The Consolation of Water Lilies Before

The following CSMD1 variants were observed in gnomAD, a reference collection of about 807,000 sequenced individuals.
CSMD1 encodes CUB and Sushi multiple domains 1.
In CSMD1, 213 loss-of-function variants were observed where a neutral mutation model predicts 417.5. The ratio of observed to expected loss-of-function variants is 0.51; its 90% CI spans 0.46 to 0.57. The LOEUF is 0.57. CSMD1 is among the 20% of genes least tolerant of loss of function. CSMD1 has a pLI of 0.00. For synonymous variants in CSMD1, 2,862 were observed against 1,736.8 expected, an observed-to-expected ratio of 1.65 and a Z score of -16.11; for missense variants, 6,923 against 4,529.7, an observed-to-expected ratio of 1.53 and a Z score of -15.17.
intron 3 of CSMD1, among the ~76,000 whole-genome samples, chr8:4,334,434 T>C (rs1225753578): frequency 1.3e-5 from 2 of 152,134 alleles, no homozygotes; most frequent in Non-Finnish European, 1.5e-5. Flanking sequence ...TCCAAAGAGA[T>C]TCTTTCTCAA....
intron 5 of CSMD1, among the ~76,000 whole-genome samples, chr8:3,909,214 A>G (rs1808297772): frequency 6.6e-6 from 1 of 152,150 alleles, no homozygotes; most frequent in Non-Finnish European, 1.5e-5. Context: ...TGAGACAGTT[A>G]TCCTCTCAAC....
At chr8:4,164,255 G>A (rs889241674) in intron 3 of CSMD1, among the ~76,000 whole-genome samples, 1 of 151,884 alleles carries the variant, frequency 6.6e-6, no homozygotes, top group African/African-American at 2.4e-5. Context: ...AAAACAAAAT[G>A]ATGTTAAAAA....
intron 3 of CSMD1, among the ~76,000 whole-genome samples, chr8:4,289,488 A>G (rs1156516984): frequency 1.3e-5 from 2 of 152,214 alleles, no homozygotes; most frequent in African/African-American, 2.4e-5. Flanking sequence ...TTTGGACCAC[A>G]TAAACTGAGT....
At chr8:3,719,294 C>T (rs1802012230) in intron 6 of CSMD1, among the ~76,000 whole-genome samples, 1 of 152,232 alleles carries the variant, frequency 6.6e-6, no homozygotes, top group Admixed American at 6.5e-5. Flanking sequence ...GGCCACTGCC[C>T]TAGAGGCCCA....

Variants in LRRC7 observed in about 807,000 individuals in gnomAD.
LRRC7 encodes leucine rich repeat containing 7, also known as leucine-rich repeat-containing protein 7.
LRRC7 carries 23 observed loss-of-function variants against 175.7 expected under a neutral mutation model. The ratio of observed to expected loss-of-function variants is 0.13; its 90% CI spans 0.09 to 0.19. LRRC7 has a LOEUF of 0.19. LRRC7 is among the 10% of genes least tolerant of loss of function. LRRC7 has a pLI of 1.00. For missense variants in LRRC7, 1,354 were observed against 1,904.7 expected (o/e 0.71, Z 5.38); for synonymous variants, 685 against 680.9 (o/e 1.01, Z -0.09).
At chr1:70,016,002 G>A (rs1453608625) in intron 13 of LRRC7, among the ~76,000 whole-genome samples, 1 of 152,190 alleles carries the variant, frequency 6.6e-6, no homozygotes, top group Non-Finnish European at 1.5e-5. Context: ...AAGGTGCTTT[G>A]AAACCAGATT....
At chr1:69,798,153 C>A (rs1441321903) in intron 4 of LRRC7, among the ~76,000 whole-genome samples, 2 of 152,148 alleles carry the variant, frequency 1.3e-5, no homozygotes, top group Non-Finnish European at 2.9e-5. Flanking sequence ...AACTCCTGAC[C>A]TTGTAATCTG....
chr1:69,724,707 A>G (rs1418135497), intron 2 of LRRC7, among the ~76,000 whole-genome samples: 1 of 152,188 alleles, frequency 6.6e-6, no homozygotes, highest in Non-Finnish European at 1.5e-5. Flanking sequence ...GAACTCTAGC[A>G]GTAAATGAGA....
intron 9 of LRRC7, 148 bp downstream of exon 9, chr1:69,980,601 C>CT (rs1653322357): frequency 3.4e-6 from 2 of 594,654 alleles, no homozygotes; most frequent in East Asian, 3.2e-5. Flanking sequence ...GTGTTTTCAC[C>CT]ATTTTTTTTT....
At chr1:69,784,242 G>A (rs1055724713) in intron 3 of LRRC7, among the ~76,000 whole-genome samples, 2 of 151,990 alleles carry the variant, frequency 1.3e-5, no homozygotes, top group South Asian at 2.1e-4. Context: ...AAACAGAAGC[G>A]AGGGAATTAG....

I knew it, and long before the pond was ready for swimming, they were gone. My daughter Linden chose to leave the little pond and put her feet in the ocean at a redwood college far from home. I went to visit her that first semester and we spent a lazy Sunday afternoon admiring the rocks of the agate beach at Patrick’s Point. Walking the shore, I spotted a smooth green pebble threaded with carnelian, just like one I’d passed by a few steps earlier. I walked back, searching the strand until I found it again. I reunited the two pebbles, letting them lie together, shining wet in the sun until the tide came back and pulled them apart, rolling their edges smoother and their bodies smaller. The whole beach was like that for me, a gallery of beautiful pebbles divided from each other and from the shore. Linden’s way on the beach was different. She too was rearranging, but her method was to place gray with black basalt and pink beside a spruce green oval. Her eye was finding new pairings; mine was searching out the old. I had known it would happen from the first time I held her— from that moment on, all her growing would be away from me. It is the fundamental unfairness of parenthood that if we do our jobs well, the deepest bond we are given will walk out the door with a wave over the shoulder. We get good training along the way. We learn to say “Have a great time, sweetie” while we are longing to pull them back to safety. And against all the evolutionary imperatives of protecting our gene pool, we give them car keys. And freedom. It’s our job. And I wanted to be a good mother. I was happy for her, of course, poised at the beginning of a new adventure, but I was sad for myself, enduring the agony of missing her. My friends who had already weathered this passage counseled me to remember the parts of having a house full of children that I wouldn’t miss a bit. I would be glad to retire from the worried nights when the roads are snowy, waiting for the sound of tires in the driveway exactly one minute before curfew. The half-done chores and the mysteriously emptying refrigerator. There were days when I’d get up in the morning and the animals had beaten me to the kitchen. The calico cat yelled from her perch: Feed me! The longhair stood by his bowl silently with an accusing stare. The dog threw herself against my legs with happiness and looked expectant. Feed me! And I did. I dropped handfuls of oatmeal and cranberries into one pot and stirred hot chocolate in another. The girls came downstairs sleepy-eyed and needing that homework paper from last night. Feed me, they said. And I did. I tipped the scraps into the compost bucket so when the next summer’s tomato seedlings say feed me, I can. And when I kiss the girls good-bye at the door, the horses whicker at the fence for their bucket of grain and the chickadees call from their empty seed tray: Feed me me me. Feed me me me. The fern on the windowsill droops its fronds in silent request. When I put the key in the ignition of the car it starts to ping: fill me. Which I do. I listen to public radio all the way to school and thank goodness it’s not pledge week. I remember my babies at the breast, the first feeding, the long deep suck that drew up from my innermost well, which was filled and filled again, by the look that passed between us, the reciprocity of mother and child. I suppose I should welcome the freedom from all that feeding and worrying, but I’ll miss it. Maybe not the laundry, but the immediacy of those looks, the presence of our reciprocal love is hard to say good-bye to. I understood that part of my sadness at Linden’s departure was because I did not know who I would be when I was no longer known as “Linden’s Mother.” But I had a bit of a reprieve from that crisis, as I am also justly famous for being “Larkin’s Mother.” But this, too, would pass. Before my younger daughter, Larkin, left, she and I had a last campfire up at the pond and watched the stars come out. “Thank you, ” she whispered, “for all of this.” The next morning she had the car all packed with dorm furnishings and school supplies. The quilt that I made for her before she was born showed through one of the big plastic tubs of essentials. When everything she needed was stuffed in back, then she helped me load mine on the roof. After we’d unloaded and decorated the dorm room and went out to lunch as if nothing was happening, I knew it was time for my exit. My work was done and hers was beginning. I saw girls dismiss their parents with a waggle of fingers, but Larkin walked me out to the dorm parking lot where the herds of minivans were still disgorging their cargos. Under the gaze of deliberately cheerful dads and strained-looking moms, we hugged again and shed some smiley tears that we both thought had already been used up. As I opened the car door, she started to walk away and called out loudly, “Mom, if you break down in uncontrollable sobs on the highway, please pull over!” The entire parking lot erupted in laughter and then we were all released. I did not need Kleenex or the breakdown lane. After all, I wasn’t going home. I could manage leaving her at college, but I did not want to go home to an empty house. Even the horses were gone and the old family dog had died that spring. There would be no welcoming committee. I had planned for this with my special grief-containment system strapped on top of my car. Spending every weekend at track meets or hosting slumber parties, I rarely found time to go paddling alone. Now I was going to celebrate my freedom rather than mourn my loss. You hear about those shiny, red midlife crisis Corvettes? Well, mine was strapped on top of the car. I drove down the road to Labrador Pond and slipped my new red kayak into the water. Just remembering the sound of the first bow wave brings back the whole of the day. Late summer afternoon, golden sun and lapis sky between the hills that fold around the pond. Red-winged blackbirds cackling in the cattails. Not a breath of wind disturbed the glassy pond. Open water sparkled ahead, but first I had to traverse the marshy edges, beds of pickerelweed and water lilies so thick they covered the water. The long petioles of the spatterdock lilies, stretching six feet from the mucky bottom to the surface, tangled around my paddle as if they wanted to keep me from moving forward. Pulling away the weeds that stuck to my hull, I could see inside their broken stalks. They were packed with spongy white cells filled with air, like a pith of Styrofoam, that botanists call aerenchyma. These air cells are unique to floating water plants and give the leaves buoyancy, like a built-in life jacket. This characteristic makes them very hard to paddle through but they serve a larger purpose. Pond lily leaves get their light and air at the surface, but are attached at the bottom of the lake to a living rhizome as thick as your wrist and as long as your arm. The rhizome inhabits the anaerobic depths of the pond, but without oxygen it will perish. So the aerenchyma forms a convoluted chain of air-filled cells, a conduit between the surface and the depths so that oxygen can slowly diffuse to the buried rhizome. If I pushed the leaves aside I could see them resting below. Mired in the weeds, I rested for a bit surrounded by water shield, fragrant water lily, rushes, wild calla, and the eccentric flowers known variously as yellow pond lily, bullhead lily, Nuphar luteum, spatterdock, and brandybottle. That last name, rarely heard, is perhaps most apt, as the yellow flowers sticking up from the dark water emit a sweet alcoholic scent. It made me wish I had brought a bottle of wine. Once the showy brandybottle flowers have accomplished their goal of attracting pollinators, they bend below the surface for several weeks, suddenly reclusive while their ovaries swell. When the seeds are mature, the stalks straighten again and lift up above the water the fruit—a curiously flask-shaped pod with a brightly colored lid that looks like its namesake, a miniature brandy cask about the size of a shot glass. I’ve never witnessed it myself, but I’m told that the seeds pop dramatically from the pod onto the surface, earning one of their other names, spatterdock. All around me there were lilies in all stages of rising and sinking and reemerging, a waterscape of change that is hard to move through, but I bent to the task, pushing my red boat through the green. I paddled hard and strong out to the deep water, pulling against the weight of the restraining vegetation, eventually breaking free. When I had exhausted my shoulders so they were as empty as my heart, I rested on the water, closed my eyes, and let the sadness come, adrift. Maybe a little breeze came up, maybe a hidden current, or the earth tilting on its axis to slosh the pond, but whatever the invisible hand, my little boat began to rock gently, like a cradle on the water. Held by the hills and rocked by the water, the hand of the breeze against my cheek, I gave myself over to the comfort that came, unbidden. I don’t know how long I floated, but my little red boat drifted the length of the lake. Rustling whispers around my hull drew me from reverie and the first thing I saw upon opening my eyes were polished green leaves of water lilies and spatterdock smiling up at me again, rooted in darkness and floating in the light. I found myself surrounded by hearts on the water, luminous green hearts. The lilies seemed to pulse with light, green hearts beating with my own. There were young heart leaves below the water on their way up and old leaves on the surface, some with edges tattered by a summer of wind and waves and, no doubt, kayak paddles. Scientists used to think that the movement of oxygen from the surface leaves of lilies to the rhizome was merely the slow process of diffusion, an inefficient drift of molecules from a region of high concentration in the air to low concentration under water. But new inquiries revealed a flow we could have known by intuition if we had remembered the teachings of plants. The new leaves take up oxygen into the tightly packed air spaces of their young, developing tissues, whose density creates a pressure gradient. The older leaves, with looser air spaces created by the tatters and tears that open the leaf, create a low-pressure region where oxygen can be released into the atmosphere. This gradient exerts a pull on the air taken in by the young leaf. Since they are connected by air-filled capillary networks, the oxygen moves by mass flow from the young leaves to the old, passing through and oxygenating the rhizome in the process. The young and the old are linked in one long breath, an inhalation that calls for reciprocal exhalation, nourishing the common root from which they both arose. New leaf to old, old to new, mother to daughter— mutuality endures. I am consoled by the lesson of lilies. I paddled more easily back to the shore. Loading the kayak onto the car in the fading light, I was doused with the leftover pond water draining onto my head. I smiled at the illusion of my griefcontainment system: there is no such thing. We spill over into the world and the world spills over into us. The earth, that first among good mothers, gives us the gift that we cannot provide ourselves. I hadn’t realized that I had come to the lake and said feed me, but my empty heart was fed. I had a good mother. She gives what we need without being asked. I wonder if she gets tired, old Mother Earth. Or if she too is fed by the giving. “Thanks, ” I whispered, “for all of this.” It was nearly dark when I got home, but my plan had included leaving the porch light on because a dark house would have been one assault too many. I carried my life jacket into the porch and got out my house keys before I noticed a pile of presents, all beautifully wrapped in brightly colored tissue paper, as if a piñata had burst over my door. A bottle of wine with a single glass on the doorsill. There was a goingaway party on the porch and Larkin had missed it. “She’s one lucky girl, ” I thought, “showered with love.” I looked through the gifts for tags or a card, but there was nothing to show who had made the late delivery. The wrapping was just tissue paper so I hunted for a clue. I smoothed the purple paper tight on one gift to read the label underneath. It was a jar of Vicks VapoRub! A little note fell from the twisted tissue paper: “Take comfort.” I recognized the handwriting immediately as my cousin’s, dear enough to be my sister, who lives hours away. My fairy godmother left eighteen notes and presents, one for every year of mothering Larkin. A compass: “To find your new path.” A packet of smoked salmon: “Because they always come home.” Pens: “Celebrate having time to write.” We are showered every day with gifts, but they are not meant for us to keep. Their life is in their movement, the inhale and the exhale of our shared breath. Our work and our joy is to pass along the gift and to trust that what we put out into the universe will always come back